Sport Union Quade Cooper keen to be Wallabies sharpshooter

Quade Cooper keen to be Wallabies sharpshooter

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The spring is back in the step and he’s delving deep into that bag of party tricks, but the heat is on Quade Cooper to prove he can handle the pressure as Wallabies’ goalkicker.

Australia faces Ireland in an intriguing Test at a sold-out Aviva Stadium on Sunday morning (AEDT) where the difference could well boil down to whether Cooper kicks straight.

The prospect of drizzling rain adds an extra dimension to what is expected to be a tightly-fought battle against the world No.6-ranked team in front of a capacity 53,000-strong Dublin crowd.

Both sides are positively talking up their desire to play with attacking adventure under their new coaches.

But former Ireland and Lions captain Donal Lenihan believes the Wallabies are at a disadvantage with Cooper, an inexperienced Test kicker, in competition with Jonny Sexton.

Since replacing benched radar-boot Christian Leali’ifano, Cooper has slotted a creditable 13 from 17 but was shaky under pressure missing two crucial second-half penalties in the 20-13 loss to England.

“In these vital, tight games you need someone who can kick your goals,” Lenihan told AAP.

“There’s times when you can see heads dropping a bit, Cooper certainly himself, when he misses the kicks.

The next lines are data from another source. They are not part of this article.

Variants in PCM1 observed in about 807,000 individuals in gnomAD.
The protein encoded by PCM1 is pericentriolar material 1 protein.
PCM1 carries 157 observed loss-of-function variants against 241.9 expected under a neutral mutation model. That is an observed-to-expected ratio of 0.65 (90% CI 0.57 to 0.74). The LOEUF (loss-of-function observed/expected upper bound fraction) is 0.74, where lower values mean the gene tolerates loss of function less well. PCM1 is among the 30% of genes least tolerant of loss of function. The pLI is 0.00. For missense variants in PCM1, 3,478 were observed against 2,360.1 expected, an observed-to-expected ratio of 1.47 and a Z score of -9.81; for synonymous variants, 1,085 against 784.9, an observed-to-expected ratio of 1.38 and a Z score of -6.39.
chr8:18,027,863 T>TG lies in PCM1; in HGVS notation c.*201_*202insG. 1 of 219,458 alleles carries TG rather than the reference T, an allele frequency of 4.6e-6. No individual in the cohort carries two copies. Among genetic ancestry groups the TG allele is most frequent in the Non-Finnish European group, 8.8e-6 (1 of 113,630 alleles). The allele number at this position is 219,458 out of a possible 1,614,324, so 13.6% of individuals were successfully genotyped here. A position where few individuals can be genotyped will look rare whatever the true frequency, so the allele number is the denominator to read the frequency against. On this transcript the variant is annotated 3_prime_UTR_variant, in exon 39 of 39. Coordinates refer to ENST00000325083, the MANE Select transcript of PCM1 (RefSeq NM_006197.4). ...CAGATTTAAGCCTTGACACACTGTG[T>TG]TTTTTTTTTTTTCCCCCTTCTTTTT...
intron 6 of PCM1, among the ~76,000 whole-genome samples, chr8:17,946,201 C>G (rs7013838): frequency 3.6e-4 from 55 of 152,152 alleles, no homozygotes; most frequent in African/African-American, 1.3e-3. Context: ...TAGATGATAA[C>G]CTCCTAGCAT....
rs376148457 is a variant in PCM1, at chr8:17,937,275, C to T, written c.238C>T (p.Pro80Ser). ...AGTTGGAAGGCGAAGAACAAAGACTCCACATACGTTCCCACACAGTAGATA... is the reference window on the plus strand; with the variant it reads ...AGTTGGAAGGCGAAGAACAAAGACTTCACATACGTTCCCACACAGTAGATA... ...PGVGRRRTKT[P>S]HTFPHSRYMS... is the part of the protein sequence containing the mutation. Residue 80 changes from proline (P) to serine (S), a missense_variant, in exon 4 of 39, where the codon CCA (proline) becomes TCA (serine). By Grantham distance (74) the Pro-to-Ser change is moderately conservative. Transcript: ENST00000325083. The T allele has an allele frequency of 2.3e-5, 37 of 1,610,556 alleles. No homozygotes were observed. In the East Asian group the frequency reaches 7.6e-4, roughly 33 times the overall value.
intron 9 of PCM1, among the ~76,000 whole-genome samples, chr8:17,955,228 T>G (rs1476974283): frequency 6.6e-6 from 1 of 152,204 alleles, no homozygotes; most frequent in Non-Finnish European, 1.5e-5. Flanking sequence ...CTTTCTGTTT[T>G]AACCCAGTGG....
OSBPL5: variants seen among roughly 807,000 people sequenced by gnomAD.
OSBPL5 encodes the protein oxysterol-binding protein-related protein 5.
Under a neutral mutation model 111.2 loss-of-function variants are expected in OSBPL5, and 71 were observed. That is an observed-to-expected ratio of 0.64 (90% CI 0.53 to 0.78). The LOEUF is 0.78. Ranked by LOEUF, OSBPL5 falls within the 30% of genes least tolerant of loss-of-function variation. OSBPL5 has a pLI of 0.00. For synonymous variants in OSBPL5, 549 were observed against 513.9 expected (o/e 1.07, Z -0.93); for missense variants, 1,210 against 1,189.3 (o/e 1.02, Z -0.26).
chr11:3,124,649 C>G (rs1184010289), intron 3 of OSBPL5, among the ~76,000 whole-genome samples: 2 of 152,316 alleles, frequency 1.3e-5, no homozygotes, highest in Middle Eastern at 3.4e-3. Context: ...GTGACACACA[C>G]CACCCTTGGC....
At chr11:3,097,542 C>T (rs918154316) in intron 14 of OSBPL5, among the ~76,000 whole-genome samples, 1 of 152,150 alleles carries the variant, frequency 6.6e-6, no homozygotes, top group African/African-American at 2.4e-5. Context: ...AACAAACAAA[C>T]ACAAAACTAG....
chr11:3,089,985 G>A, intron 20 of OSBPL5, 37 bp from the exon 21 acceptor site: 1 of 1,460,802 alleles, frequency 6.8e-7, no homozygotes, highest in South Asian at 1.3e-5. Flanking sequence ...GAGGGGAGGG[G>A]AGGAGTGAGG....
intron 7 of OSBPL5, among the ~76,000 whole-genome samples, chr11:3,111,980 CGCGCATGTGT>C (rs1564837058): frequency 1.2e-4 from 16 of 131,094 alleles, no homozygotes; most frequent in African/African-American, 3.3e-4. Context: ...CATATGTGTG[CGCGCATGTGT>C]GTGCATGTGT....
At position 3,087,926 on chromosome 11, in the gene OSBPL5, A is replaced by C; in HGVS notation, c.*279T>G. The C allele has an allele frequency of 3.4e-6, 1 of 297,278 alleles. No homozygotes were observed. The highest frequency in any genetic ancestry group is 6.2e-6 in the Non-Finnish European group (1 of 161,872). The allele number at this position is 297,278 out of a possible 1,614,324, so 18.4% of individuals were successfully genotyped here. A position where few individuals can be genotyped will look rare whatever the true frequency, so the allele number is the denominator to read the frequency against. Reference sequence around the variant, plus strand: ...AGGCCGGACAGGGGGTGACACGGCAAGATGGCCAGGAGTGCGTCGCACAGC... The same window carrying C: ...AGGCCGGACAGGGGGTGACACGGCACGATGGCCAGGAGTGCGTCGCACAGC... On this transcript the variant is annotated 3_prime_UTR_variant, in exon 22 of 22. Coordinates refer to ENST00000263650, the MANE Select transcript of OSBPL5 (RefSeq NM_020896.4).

“You can see it (pressure) does have an affect on him.

“I think he’d be a better player if didn’t have that responsibility.

“But to be fair to him he is playing well.”

Cooper, finally showing the exciting form which he carried into the ill-fated 2011 World Cup campaign, denied he was rattled by the pressure of the job and wanted the extra responsibility.

“I love having the opportunity to do it and continue to work at it,” the enigmatic five-eighth said.

After running in 18 tries for the past four Tests, including 14 against Italy and Argentina, Cooper felt Australia’s new backline combinations had gelled well and liked their potential.

“The bounce of the ball is going our way, the line breaks we’re making we’re starting finish which is great,” he said.

“We have some freak players right across the board. Izzy (Folau), Tevita (Kuridrani) – we’ve got some big backs, which in past years we haven’t had.”

Rookie centre Kuridrani faces a big challenge opposing 134-Test veteran Brian O’Driscoll who declared Ireland would also throw caution to the wind with their new attacking game under Kiwi coach Joe Schmidt.

“We’re not here to play a boring kicking game,” O’Driscoll said. “We want to be able to play when it’s on.

“It’s about playing heads-up rugby.”

Beaten 15-6 in the two sides’ last meeting at the World Cup, the Wallabies have focused on winning the breakdown battle and being smarter with their ball-running so they don’t get caught high in Irish “choke-tackles”.

Ireland have 11 starting survivors from that Eden Park upset after recalling big guns Paul O’Connell, Sean O’Brien, playmaker Sexton and Cian Healy while Australia only have four in Cooper, Will Genia, Adam Ashley-Cooper and James Horwill.

“It’s a massive game for Australia,” said Lenihan. “After the England game, they can’t afford another loss on tour.”